World history written in the rosters of the World Cup. What other stories do you see here?

Every day thousands of people legally cross back and forth between El Paso, Texas, and Ciudad Juárez, Mexico, on their way to jobs, schools, doctor's appointments, shopping centers and the homes of family and friends. This harmonious exchange has taken place for more than 400 years, uniting neighbors through shared social ties, geography, history and, most importantly, an interlinked economy.

Beyond the people and goods, El Paso and Ciudad Juárez also converge in a cross-border flow of ideas, ambition and aspirations that have shaped the region for centuries. This forward-looking spirit is what attracted Microsoft to the region in 2017, when it launched Microsoft TechSpark to create new economic opportunities and help digitally transform established industries with modern software and cloud services. It's also why Microsoft announced on Monday that it is expanding the TechSpark El Paso program to include Ciudad Juárez and making a $1.5 million investment in the binational Bridge Accelerator. Read more about the TechSpark announcement here.

Since Syria's brutal civil war began eight years ago, millions of Syrians have fled their country to escape the bombs and bullets. But hundreds of thousands have been displaced within Syria's borders, where they languish in packed refugee camps. The al-Hol camp in northern Syria is sprawling, and of its nearly 70,000 residents, some 11,000 are family members of foreign ISIS fighters, according to the UN Office of the High Commissioner for Human Rights. The surprise American withdrawal from northern Syria last week paved the way for Turkey and Syria's Bashar al-Assad to move in. Some 160,000 civilians have now fled the border region that Turkey is bombarding, deepening a humanitarian crisis in a stretch of Syria that had been relatively secure since the defeat of ISIS's self-declared caliphate back in March. Here's a look at the camps for displaced people in the area.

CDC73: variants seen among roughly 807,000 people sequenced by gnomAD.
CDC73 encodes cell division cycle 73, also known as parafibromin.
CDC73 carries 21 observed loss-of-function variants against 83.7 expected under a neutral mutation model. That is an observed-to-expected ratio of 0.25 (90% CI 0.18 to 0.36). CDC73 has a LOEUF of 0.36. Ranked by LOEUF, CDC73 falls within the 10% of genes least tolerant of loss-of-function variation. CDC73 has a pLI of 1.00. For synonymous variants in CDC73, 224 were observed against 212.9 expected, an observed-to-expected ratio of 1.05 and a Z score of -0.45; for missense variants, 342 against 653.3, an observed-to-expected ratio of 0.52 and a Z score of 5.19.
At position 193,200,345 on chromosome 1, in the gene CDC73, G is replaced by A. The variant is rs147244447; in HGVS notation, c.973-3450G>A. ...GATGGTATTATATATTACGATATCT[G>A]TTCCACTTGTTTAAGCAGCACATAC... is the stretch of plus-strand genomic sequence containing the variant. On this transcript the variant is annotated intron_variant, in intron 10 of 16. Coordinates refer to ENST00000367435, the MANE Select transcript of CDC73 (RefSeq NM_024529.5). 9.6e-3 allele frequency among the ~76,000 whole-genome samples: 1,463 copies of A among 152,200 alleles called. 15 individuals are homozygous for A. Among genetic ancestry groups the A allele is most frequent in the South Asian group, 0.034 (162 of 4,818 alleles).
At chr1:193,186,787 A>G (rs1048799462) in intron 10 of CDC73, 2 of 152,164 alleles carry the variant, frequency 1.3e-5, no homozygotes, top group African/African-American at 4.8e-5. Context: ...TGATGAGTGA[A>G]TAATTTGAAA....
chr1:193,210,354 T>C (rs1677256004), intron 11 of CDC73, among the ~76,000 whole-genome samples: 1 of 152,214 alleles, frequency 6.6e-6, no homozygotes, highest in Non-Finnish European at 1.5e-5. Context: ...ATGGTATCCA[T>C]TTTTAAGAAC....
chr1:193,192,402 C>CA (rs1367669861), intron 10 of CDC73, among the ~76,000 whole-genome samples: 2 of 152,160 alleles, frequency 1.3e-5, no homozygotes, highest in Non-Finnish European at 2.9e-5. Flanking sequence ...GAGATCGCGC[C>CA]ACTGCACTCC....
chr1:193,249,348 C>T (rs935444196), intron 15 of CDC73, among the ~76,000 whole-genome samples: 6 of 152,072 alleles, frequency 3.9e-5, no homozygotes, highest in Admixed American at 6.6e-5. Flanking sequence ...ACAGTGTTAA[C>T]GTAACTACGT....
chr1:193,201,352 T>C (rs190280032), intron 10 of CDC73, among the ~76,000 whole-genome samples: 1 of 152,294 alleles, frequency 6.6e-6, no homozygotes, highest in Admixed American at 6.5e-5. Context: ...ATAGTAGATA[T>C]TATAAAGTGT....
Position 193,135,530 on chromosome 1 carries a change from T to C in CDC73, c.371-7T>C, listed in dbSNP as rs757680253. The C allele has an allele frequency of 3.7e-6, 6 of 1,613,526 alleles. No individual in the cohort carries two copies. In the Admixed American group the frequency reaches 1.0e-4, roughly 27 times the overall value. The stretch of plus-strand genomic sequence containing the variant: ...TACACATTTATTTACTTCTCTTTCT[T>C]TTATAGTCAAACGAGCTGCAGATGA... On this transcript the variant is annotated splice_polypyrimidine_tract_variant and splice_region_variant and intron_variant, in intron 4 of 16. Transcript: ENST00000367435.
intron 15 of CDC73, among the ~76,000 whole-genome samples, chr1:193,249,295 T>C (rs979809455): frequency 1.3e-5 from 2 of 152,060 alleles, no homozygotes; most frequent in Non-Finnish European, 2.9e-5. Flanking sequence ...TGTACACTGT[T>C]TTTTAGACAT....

Syria is quickly turning into US President Donald Trump's most significant foreign policy blunder to date. It's looking like it might be for Turkish President Recep Tayyip Erdogan, too.

On Monday, the Trump administration announced a fresh wave of sanctions on Turkey, in a bid to get Erdogan to halt his invasion of Kurdish-controlled territory in Syria. Yes, you may recall, that's the same invasion that the US green-lit last week by withdrawing American troops from the area.

More Show less

Mozambique's democracy test Mozambicans voted yesterday in an election that will test a fragile peace accord between the ruling Frelimo party, led by president Filipe Nyusi, and Renamo, a former rebel group-turned-opposition party. The two factions were on opposite sides of a Cold War-tinged civil war that killed an estimated 1 million people between 1977 and 1992. Frelimo, which has ruled Mozambique since independence, has been losing popularity due to a corruption scandal, but is likely to hold onto power at the national level. Renamo, which foreswore violence just two months ago in exchange for electoral reforms that will help the party, will be hoping to make regional gains that allow it to win some key governorships. Disputes over the final vote count and even outright fraud or violence are possible in coming days, particularly if Renamo fails to make its hoped-for gains.

More Show less

What's the update at the Syria-Turkey border?

Well, it is increasingly in the hands of Assad and the Russians, who the Kurds have flipped with. The United States withdrawing some troops away from the border, the Turks coming in, but they going to be limited in how much they can do given the fact that ultimately, Assad and Russia has most the firepower and Turkey does not want that fight.

More Show less